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However, their recipe is involved, and I’m not sure why. Cajeta is simply the reduction of goat’s milk with sugar. But in their recipe, some of the sugar is caramelized first, and then added to the milk, which is a combination of goat and cow milk. Plus, their recipe includes cornstarch and baking soda. Maybe I’ll try it one day.

But for now, here’s my version of cajeta. Just like many of the best recipes, this dessert is so simple, yet so perfect.

Cajeta Crêpes

1 dozen prepared crêpes
24 ounces (2 – 12 ounce cans) goat’s milk
3/4 cup sugar

Combine the goat’s milk and sugar in a medium-sized enamel pot. Stir well, then turn on the heat and simmer over the lowest possible heat. It will take about 1 1/2 hours to complete.
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Continue stirring with a rubber spatula throughout this process, scraping down the sides of the pot occasionally. A whisk isn’t necessary, because any cajeta that is scraped off of the pot sides gets remelted into the bulk of the hot cajeta.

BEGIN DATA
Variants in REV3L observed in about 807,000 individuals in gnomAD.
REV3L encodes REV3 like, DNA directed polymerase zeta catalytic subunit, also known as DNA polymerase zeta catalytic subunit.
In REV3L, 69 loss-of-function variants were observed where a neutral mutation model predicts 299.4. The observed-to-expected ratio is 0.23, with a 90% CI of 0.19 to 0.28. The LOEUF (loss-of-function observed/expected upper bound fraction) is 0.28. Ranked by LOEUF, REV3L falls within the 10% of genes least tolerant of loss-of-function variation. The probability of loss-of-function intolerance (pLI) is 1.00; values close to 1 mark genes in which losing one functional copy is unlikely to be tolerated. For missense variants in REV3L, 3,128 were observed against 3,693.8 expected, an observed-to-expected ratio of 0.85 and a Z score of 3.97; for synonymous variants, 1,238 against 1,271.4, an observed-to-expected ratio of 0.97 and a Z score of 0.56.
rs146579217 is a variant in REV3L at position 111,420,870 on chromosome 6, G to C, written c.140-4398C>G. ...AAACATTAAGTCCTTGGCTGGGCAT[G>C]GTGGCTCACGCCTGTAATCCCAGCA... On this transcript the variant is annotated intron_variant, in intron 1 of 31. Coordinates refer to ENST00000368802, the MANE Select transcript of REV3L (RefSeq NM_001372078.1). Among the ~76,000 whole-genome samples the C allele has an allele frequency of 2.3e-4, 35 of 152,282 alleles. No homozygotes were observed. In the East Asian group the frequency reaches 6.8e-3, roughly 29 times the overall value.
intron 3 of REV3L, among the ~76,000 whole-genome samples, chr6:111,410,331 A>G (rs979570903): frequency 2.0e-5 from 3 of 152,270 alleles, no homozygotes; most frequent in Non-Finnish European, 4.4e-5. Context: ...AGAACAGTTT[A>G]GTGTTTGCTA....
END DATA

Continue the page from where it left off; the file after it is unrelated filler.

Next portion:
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You can see the goat’s milk and sugar mixture get darker and thicker as it reduces, until it’s ready to use. The cajeta should be still a little thin when it’s hot, but it will thicken as it cools slightly.
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Have the prepared crêpes on the serving plate, and drizzle the warm cajeta over them.

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Serve these crêpes warm or at room temperature.
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They would also be good with some whipped cream, but it’s totally unnecessary to me.

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*It’s really hard to decipher the difference between cajeta and dulce de leche. The very similar product is made in Spain, Mexico, and in many South American countries. Sometimes it’s only from cow’s milk, sometimes only goat’s milk, and sometimes a blend of both. I’m sure they’re all good, but I like my cajeta from pure goat’s milk!

note: This recipe can be doubled or tripled. I just didn’t want to make a huge batch. This recipe made almost 1 1/2 cups.